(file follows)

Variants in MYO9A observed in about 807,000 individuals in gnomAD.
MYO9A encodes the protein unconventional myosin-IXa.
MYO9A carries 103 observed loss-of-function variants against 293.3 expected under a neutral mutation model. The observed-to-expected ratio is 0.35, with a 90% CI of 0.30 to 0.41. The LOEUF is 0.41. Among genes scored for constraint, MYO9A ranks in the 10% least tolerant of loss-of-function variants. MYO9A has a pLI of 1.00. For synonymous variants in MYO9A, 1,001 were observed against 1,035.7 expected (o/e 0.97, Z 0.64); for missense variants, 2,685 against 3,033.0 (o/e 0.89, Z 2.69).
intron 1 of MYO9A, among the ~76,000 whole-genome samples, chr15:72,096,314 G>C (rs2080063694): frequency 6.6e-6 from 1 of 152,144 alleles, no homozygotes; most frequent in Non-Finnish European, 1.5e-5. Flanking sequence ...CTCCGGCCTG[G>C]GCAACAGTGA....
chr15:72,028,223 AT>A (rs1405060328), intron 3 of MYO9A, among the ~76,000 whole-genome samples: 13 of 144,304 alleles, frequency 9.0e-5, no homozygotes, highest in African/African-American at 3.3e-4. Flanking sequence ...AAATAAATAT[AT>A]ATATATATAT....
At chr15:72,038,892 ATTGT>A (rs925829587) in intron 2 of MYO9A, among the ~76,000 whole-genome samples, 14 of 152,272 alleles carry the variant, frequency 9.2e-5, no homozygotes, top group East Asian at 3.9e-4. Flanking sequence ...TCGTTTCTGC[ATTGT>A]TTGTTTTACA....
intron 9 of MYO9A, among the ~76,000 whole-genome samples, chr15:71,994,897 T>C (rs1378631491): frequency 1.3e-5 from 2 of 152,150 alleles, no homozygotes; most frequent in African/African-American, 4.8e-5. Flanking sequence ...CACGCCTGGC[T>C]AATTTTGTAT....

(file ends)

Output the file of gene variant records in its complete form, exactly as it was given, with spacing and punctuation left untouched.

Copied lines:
Variants in MYO9A observed in about 807,000 individuals in gnomAD.
MYO9A encodes the protein unconventional myosin-IXa.
MYO9A carries 103 observed loss-of-function variants against 293.3 expected under a neutral mutation model. The observed-to-expected ratio is 0.35, with a 90% CI of 0.30 to 0.41. The LOEUF is 0.41. Among genes scored for constraint, MYO9A ranks in the 10% least tolerant of loss-of-function variants. MYO9A has a pLI of 1.00. For synonymous variants in MYO9A, 1,001 were observed against 1,035.7 expected (o/e 0.97, Z 0.64); for missense variants, 2,685 against 3,033.0 (o/e 0.89, Z 2.69).
intron 1 of MYO9A, among the ~76,000 whole-genome samples, chr15:72,096,314 G>C (rs2080063694): frequency 6.6e-6 from 1 of 152,144 alleles, no homozygotes; most frequent in Non-Finnish European, 1.5e-5. Flanking sequence ...CTCCGGCCTG[G>C]GCAACAGTGA....
chr15:72,028,223 AT>A (rs1405060328), intron 3 of MYO9A, among the ~76,000 whole-genome samples: 13 of 144,304 alleles, frequency 9.0e-5, no homozygotes, highest in African/African-American at 3.3e-4. Flanking sequence ...AAATAAATAT[AT>A]ATATATATAT....
At chr15:72,038,892 ATTGT>A (rs925829587) in intron 2 of MYO9A, among the ~76,000 whole-genome samples, 14 of 152,272 alleles carry the variant, frequency 9.2e-5, no homozygotes, top group East Asian at 3.9e-4. Flanking sequence ...TCGTTTCTGC[ATTGT>A]TTGTTTTACA....
intron 9 of MYO9A, among the ~76,000 whole-genome samples, chr15:71,994,897 T>C (rs1378631491): frequency 1.3e-5 from 2 of 152,150 alleles, no homozygotes; most frequent in African/African-American, 4.8e-5. Flanking sequence ...CACGCCTGGC[T>C]AATTTTGTAT....